10km for my " marathoner" colleague takes about 40 minutes, and is one of his "easier" days ☺ For him the 21kms are the "hard days".
But he still has his "rest" day.

10km for me is a "very hard day" if I do it in about an hour, so I NEED a rest day!
This difference in "hard" is why "individualization" came about. Train to YOUR body, not someone else's.

When you do hard days you damage your muscle fibres.
You gotta let the muscles heal up (they grow back stronger - that's why you get fitter!).
Not everybody has the same rate of muscle repair. Tends to be better when you are younger. I'm 50, so I'm not " younger" ☺
That's individualization, too.

You might need more than me. You might need less (especially if you are younger!)
Train to your body. Not someone else's.

Before a big event, take a rest. 
You might lose a touch of fitness (prevailing theory is that it takes two weeks of inactivity to lose one week of gains), but you need to be at you best on the start line.
For a local 100km event, I only did my walking and my commute for the week before the event. No extra cycling.
For the London to Brighton, I did the same.
For my 200km ride (that stretched to 232km on the day) I only did my walking and my basic commute for 2 weeks before, and I stayed indoors and just rested for the whole day before (and the whole day after).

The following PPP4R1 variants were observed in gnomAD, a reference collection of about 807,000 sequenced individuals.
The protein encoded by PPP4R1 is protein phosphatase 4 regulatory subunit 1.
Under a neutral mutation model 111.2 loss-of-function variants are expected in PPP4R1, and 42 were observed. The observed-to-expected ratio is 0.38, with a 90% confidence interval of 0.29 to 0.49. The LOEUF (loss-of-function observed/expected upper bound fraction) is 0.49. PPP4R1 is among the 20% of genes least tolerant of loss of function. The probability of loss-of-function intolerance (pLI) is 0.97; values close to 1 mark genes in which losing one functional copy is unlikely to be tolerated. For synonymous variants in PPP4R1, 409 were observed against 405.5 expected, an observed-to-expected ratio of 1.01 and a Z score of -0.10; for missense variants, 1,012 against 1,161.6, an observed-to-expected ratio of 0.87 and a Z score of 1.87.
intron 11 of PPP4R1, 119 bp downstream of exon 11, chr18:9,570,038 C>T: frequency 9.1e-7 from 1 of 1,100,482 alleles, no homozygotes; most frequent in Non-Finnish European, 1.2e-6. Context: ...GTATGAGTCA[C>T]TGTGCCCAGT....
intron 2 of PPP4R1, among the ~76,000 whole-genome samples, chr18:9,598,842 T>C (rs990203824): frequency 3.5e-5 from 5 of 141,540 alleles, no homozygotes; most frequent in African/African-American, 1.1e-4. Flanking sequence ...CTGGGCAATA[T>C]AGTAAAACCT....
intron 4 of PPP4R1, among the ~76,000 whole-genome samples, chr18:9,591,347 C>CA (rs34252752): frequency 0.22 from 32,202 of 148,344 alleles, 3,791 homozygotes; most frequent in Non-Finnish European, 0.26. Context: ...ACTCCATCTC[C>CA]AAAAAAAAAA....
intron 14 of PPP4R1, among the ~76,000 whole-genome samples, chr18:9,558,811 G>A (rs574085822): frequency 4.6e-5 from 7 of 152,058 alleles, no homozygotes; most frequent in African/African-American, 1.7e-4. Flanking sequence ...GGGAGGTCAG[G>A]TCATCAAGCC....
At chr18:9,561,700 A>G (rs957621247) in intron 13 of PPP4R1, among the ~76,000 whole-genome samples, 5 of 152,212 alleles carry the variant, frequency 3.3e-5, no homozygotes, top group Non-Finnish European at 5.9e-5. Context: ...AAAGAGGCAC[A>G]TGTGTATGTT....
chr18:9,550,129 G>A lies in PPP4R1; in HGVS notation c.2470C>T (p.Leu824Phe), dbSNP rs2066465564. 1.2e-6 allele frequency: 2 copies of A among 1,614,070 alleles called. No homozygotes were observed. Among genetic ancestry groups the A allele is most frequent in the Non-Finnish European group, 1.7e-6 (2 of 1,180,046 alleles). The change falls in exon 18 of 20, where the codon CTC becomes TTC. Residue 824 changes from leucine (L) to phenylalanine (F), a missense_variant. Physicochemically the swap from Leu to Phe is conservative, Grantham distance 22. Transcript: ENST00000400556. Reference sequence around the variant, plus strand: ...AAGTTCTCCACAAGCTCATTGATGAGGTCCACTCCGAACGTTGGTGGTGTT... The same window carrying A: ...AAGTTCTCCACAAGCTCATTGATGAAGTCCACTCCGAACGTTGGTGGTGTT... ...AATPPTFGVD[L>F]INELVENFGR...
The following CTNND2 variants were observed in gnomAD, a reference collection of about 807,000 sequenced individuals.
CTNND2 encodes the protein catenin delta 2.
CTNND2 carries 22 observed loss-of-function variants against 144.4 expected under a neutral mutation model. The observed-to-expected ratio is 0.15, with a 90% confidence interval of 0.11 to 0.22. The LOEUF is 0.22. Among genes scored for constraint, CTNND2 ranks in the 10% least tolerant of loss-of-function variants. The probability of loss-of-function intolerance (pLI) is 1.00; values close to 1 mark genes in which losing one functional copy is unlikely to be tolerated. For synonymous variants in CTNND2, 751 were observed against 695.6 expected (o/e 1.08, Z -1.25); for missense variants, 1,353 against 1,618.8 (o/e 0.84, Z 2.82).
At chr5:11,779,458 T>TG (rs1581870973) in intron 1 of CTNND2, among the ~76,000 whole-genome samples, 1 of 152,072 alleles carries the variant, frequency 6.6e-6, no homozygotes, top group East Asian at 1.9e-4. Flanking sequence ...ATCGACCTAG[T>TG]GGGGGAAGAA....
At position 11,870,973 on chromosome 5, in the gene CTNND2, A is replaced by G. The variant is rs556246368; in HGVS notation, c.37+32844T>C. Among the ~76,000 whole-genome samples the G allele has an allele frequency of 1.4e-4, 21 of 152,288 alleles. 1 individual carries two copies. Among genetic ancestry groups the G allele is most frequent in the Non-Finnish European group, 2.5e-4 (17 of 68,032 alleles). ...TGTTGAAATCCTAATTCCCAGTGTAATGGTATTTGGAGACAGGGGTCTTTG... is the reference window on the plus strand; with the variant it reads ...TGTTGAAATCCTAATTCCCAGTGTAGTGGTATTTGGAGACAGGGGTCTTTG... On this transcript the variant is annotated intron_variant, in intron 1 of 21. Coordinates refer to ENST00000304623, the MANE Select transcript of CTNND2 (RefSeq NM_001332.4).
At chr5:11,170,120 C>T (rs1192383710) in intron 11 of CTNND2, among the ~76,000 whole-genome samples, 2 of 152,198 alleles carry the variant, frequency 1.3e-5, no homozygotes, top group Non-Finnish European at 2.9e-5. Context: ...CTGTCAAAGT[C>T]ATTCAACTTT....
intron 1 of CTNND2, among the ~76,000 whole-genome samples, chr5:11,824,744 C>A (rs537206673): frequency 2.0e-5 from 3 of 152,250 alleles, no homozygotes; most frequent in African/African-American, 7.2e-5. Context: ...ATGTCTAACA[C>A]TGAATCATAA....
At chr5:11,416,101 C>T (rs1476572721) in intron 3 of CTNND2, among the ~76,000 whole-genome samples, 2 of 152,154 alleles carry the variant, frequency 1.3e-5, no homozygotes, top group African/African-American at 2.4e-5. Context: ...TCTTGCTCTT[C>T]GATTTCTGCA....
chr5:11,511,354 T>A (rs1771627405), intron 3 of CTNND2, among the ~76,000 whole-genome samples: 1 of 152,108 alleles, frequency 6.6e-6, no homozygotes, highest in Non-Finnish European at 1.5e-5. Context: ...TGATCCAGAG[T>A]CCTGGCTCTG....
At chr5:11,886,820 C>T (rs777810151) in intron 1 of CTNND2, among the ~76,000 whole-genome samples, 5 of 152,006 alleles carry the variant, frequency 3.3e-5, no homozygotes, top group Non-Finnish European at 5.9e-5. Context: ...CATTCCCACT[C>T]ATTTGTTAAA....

But, hey, I'm 50, and getting back into shape after a long break (many years - work, life, family, you know how it goes).
30 years ago, I used to cycle 100+ km a week, and run 50+ km a week, no problems. But I was 20 kilos ( 44 lbs) lighter and 30 years younger then!
All that is individualization, too. That's me, at age 20, and at age 50.

You might need more recovery, you might need less. 
You need the amount YOUR BODY REQUIRES.

Training + Recovery = Fitness.
Training - Recovery = Less fitness, and more injury risk.

You pace yourself on events so you last the distance (remember the running I mentioned at the start - you run slower at the start of an 800m event than you do for a 100m event)
So make your training "paced"!
Your pacing will be different than mine - maybe "faster ", maybe "slower". 
Individualization, remember
Sooner or later you have to recover.

So train hard, rest properly, and don't be afraid to take "light days" if you are sick.  
You might recover quickly from illnesses, or you might not. Individualization, remember.
Train to your body, not to somebody else's body.
Train to your body, not to some book or training plan you downloaded off the internet.
Train well, live well, enjoy yourself, and succeed.


Go on, "Google" it.

Update Friday 18th December 2015:
Colds and illness all gone.
Today is a day off work.
I work a pattern with a different day off each week (yes, I work most Saturdays!)
Today I took it easy.
Cycled to work slowly (yes, it is my day off, but I did 3 hours overtime).
Cycled home slowly.
Did a gentle 3.5 km (call it 2 miles!) run with Anna.
And after lunch I had a 2 hour nap.

Naps are important. Pro athletes do it. So do I.

A bit of gentle cycling. A three-hour shift. A short, gentle, run. A nap.
That's a rest day :-)

So train hard, fulfill your potential, and enjoy your rest days!